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Training Exercises: Tunnel Discriminations Part 2

Step up your dog's ability to choose the correct end of a tunnel in a discrimination. By Elizabeth Dott

This week we are building on last week's tunnel discriminations exercises. We started with only a little motion, then we added motion in, and, finally, a line of jumps at speed. Now we will add in other obstacles. 

Set up weave poles about 20 feet from your tunnel and center them in the middle. (See Figure 1.) In the first exercise, you will be on the right side of your dog and you will pull your dog to the right side of the tunnel. Ask your dog to weave and use your "close" or "come tunnel" command to pull your dog to the right. Start gradually moving the weave poles to the left side of the tunnel (Figure 2) until they are eventually facing the left tunnel entrance (Figure 3). See if your dog can successfully come out of the weaves facing the left side tunnel entrance and opt to take the right side using your verbal command. 
Now, work the opposite side, asking your dog to work the left side of the tunnel while gradually moving your weave poles to the right. Then substitute different obstacles before the tunnel. For example, use the teeter as your obstacle. Then try the tire, the chute, other contact obstacles, the table or any other obstacle you would like to try. 

Be sure to keep it light and happy and keep your training sessions short. Check back with us next week for more tunnel discriminations. See you next week!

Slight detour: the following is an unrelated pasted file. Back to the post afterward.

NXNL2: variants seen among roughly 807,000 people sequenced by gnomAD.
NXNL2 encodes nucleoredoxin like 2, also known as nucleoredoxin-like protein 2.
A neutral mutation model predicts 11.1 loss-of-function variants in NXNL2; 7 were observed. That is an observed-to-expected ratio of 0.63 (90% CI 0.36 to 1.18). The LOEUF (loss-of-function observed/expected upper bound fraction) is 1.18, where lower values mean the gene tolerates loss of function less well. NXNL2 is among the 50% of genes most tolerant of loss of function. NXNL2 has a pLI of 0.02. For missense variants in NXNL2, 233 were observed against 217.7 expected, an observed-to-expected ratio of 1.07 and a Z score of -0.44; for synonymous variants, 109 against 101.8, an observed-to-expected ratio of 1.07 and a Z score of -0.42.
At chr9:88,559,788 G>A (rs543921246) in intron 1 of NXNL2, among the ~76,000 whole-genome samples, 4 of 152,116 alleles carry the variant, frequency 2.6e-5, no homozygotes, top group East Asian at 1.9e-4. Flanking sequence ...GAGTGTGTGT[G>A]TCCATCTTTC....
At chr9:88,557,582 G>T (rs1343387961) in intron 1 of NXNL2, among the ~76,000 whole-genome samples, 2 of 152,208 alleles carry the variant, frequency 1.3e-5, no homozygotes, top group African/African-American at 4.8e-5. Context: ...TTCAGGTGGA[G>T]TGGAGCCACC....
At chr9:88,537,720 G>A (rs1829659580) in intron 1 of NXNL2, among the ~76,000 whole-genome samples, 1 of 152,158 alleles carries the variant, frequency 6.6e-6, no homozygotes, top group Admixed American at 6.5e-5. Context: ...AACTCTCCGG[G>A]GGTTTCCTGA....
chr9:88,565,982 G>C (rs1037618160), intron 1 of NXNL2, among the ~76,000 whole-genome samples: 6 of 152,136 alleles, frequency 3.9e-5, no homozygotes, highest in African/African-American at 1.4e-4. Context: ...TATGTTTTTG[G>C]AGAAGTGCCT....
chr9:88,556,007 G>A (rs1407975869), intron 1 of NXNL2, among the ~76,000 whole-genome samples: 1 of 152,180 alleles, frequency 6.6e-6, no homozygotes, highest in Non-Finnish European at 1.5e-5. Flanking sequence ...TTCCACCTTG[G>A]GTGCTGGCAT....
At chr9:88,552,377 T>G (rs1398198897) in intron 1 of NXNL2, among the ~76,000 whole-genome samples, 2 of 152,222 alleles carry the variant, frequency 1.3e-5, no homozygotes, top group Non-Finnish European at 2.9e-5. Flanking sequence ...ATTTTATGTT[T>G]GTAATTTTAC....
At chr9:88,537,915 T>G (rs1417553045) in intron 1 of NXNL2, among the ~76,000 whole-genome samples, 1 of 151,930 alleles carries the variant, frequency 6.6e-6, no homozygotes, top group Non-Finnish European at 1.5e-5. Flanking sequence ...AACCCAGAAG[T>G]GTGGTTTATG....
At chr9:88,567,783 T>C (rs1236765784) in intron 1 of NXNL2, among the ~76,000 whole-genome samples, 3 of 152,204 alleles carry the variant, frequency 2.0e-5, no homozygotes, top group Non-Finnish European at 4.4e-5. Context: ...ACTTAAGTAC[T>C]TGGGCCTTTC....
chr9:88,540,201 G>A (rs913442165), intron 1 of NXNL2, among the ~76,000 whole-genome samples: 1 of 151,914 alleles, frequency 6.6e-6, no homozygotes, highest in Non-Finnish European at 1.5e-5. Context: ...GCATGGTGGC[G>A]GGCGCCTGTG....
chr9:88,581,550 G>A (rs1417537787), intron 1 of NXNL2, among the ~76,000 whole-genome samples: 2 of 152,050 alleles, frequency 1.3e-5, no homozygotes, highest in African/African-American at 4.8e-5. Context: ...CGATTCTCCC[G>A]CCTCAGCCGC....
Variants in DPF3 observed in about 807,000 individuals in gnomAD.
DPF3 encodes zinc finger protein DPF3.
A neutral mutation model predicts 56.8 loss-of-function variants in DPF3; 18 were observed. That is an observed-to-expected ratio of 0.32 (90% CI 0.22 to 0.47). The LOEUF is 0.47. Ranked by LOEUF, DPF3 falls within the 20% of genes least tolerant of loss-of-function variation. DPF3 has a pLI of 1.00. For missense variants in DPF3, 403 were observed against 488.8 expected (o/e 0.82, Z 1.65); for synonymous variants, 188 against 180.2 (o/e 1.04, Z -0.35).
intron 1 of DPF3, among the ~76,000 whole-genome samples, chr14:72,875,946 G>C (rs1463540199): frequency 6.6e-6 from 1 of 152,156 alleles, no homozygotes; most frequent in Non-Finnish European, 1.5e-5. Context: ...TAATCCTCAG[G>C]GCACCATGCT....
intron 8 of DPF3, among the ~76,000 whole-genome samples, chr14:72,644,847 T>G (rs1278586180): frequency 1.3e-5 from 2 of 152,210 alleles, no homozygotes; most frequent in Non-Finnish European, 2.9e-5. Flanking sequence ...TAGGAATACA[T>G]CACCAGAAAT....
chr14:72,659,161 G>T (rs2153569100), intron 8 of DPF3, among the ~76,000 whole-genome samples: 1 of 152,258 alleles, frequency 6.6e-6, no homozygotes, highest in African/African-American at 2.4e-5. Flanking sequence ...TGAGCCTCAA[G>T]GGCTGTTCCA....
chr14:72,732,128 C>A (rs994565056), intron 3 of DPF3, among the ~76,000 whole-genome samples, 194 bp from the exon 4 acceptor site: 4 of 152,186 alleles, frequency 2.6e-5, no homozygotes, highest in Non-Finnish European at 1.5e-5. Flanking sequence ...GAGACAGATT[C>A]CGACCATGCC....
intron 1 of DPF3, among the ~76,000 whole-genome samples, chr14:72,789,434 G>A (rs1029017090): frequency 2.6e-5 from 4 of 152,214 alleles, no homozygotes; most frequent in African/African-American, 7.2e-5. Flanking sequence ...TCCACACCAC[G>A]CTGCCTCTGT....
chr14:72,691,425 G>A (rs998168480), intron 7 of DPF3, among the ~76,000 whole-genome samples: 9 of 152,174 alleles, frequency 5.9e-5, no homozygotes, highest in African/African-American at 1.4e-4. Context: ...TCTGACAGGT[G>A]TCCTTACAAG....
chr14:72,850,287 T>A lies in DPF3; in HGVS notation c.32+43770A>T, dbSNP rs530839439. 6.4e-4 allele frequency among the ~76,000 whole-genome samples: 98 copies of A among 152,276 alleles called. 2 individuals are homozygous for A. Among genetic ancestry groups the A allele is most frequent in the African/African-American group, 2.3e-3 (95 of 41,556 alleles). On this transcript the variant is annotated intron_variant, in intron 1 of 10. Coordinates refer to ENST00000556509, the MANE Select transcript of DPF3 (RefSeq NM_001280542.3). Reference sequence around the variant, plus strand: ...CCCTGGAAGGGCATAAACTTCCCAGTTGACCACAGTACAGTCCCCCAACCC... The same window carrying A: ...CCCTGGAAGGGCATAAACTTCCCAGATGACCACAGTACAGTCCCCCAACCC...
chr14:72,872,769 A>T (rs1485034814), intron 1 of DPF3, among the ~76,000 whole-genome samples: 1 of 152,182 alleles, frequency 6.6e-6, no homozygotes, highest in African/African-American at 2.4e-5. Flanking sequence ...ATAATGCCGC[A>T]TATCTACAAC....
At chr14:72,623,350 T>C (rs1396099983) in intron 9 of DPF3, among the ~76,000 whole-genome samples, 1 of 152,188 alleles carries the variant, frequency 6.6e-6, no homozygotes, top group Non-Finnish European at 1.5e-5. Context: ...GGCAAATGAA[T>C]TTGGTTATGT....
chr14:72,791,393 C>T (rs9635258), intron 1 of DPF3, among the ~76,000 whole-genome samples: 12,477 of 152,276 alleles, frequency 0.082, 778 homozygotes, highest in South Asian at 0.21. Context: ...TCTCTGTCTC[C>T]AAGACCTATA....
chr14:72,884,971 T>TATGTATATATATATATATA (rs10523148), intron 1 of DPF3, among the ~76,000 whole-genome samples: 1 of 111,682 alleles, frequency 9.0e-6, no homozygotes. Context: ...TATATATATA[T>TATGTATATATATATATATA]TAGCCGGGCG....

This article is part of USDAA's Training Tuesday series that is appearing on USDAA's facebook page. We encourage you to discuss this exercise on our facebook and to upload videos of your class or training group playing this game. If you have a facebook account, please join in the fun here:

Elizabeth Dott has been competing in agility since 1993. She owns Legendary Agility Training (named after her heart dog, Legend) in Altamonte Springs, Florida. She has competed at the national Level and has put several championships on her dogs over the years. She has also helped many of her students achieve their own championships as well. In addition, Elizabeth runs Legendary Dog Designs and makes custom collars and leashes with agility in mind. She can be reached for questions or classes at

*The video is dark at the beginning but it lightens up enough for you to see the exercise, so keep watching!


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